Abbott announced in July that it received FDA approval for the Aveir system. The approval marked the first such nod for a dual-chamber leadless pacing system for treating abnormal or slow heart rhythms.
According to Abbott, more than 80% of people who need a pacemaker require pacing in two chambers of the heart — the right atrium and right ventricle.
The system was included in Time magazine’s recent list of 2023’s best inventions. Matthew Fishler, the lead engineer on the Abbott Aveir project, explained how the company developed the system earlier this year.
Now, the commercially available system has been implanted in patients in the U.S. Dr. Rajesh Banker performed one implant at Hoag Memorial Hospital Presbyterian in Newport Beach, California.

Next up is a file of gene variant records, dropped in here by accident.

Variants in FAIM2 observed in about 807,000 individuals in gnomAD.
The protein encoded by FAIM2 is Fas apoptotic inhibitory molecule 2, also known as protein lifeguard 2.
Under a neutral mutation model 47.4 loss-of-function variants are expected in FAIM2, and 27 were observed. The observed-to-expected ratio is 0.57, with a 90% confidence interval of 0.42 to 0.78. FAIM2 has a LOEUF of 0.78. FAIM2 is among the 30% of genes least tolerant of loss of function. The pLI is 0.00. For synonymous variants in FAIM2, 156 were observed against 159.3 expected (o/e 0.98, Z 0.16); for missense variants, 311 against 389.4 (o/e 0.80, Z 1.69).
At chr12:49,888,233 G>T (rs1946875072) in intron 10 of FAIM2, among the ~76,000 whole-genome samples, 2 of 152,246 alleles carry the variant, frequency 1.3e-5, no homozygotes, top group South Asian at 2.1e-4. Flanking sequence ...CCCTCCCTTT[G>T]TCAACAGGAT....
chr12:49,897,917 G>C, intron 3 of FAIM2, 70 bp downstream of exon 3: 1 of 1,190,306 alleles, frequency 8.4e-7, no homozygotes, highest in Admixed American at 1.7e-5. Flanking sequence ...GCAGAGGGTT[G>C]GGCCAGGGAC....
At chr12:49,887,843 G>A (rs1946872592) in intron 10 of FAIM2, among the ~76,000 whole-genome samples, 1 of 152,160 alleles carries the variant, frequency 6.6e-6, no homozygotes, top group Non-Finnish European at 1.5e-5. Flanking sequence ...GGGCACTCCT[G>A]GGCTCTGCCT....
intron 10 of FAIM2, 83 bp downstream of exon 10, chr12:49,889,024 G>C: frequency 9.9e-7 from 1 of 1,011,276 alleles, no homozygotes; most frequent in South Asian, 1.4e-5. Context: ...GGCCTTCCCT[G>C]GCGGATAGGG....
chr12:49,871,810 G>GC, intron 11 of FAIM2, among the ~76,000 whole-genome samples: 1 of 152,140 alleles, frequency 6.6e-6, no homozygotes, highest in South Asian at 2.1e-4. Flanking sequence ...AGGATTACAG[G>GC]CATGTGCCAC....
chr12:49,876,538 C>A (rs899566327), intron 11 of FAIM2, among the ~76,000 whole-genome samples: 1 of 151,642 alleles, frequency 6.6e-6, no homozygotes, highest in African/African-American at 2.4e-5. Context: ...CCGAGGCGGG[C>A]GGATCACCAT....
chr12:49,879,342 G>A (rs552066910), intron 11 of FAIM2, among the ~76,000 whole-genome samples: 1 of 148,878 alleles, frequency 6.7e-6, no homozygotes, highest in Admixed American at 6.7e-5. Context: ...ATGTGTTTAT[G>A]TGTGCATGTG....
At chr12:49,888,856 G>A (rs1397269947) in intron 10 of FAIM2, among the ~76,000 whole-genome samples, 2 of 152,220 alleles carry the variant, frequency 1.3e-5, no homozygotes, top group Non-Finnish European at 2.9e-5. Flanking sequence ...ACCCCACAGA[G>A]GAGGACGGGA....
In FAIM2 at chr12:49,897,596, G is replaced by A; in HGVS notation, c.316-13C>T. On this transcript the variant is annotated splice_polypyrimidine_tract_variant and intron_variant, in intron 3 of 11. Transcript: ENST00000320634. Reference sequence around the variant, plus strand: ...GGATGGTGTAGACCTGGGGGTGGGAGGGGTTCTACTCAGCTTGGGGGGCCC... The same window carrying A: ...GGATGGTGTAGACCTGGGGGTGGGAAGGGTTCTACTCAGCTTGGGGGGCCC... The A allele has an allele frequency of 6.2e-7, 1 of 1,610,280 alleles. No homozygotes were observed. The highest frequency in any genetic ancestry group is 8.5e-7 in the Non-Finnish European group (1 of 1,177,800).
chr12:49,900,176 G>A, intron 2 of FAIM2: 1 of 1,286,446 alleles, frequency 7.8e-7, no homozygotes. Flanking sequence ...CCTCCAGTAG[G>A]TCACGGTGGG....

“This advanced technology is a game-changer for cardiac patients. It is an exciting opportunity to provide our patients with access to groundbreaking technology as soon as it becomes widely available,” said Banker. “I am proud to work at a hospital that supports specialists like me with the resources to conduct leading-edge research and to offer cutting-edge technology that advances medicine and improves patient care.”
Another procedure took place at MedStar Washington Hospital Center in Washington, D.C.
“The leadless dual-chamber pacemaker is an excellent option to treat abnormally slow heart rates,” said Dr. Cyrus Hadadi, associate director of Cardiac Arrhythmia Research at MedStar Washington Hospital Center. “There are no wires implanted in veins, no metal device under the skin, and no surgical incision. This means the potential for less risk, greater comfort, and fewer post-procedure restrictions.”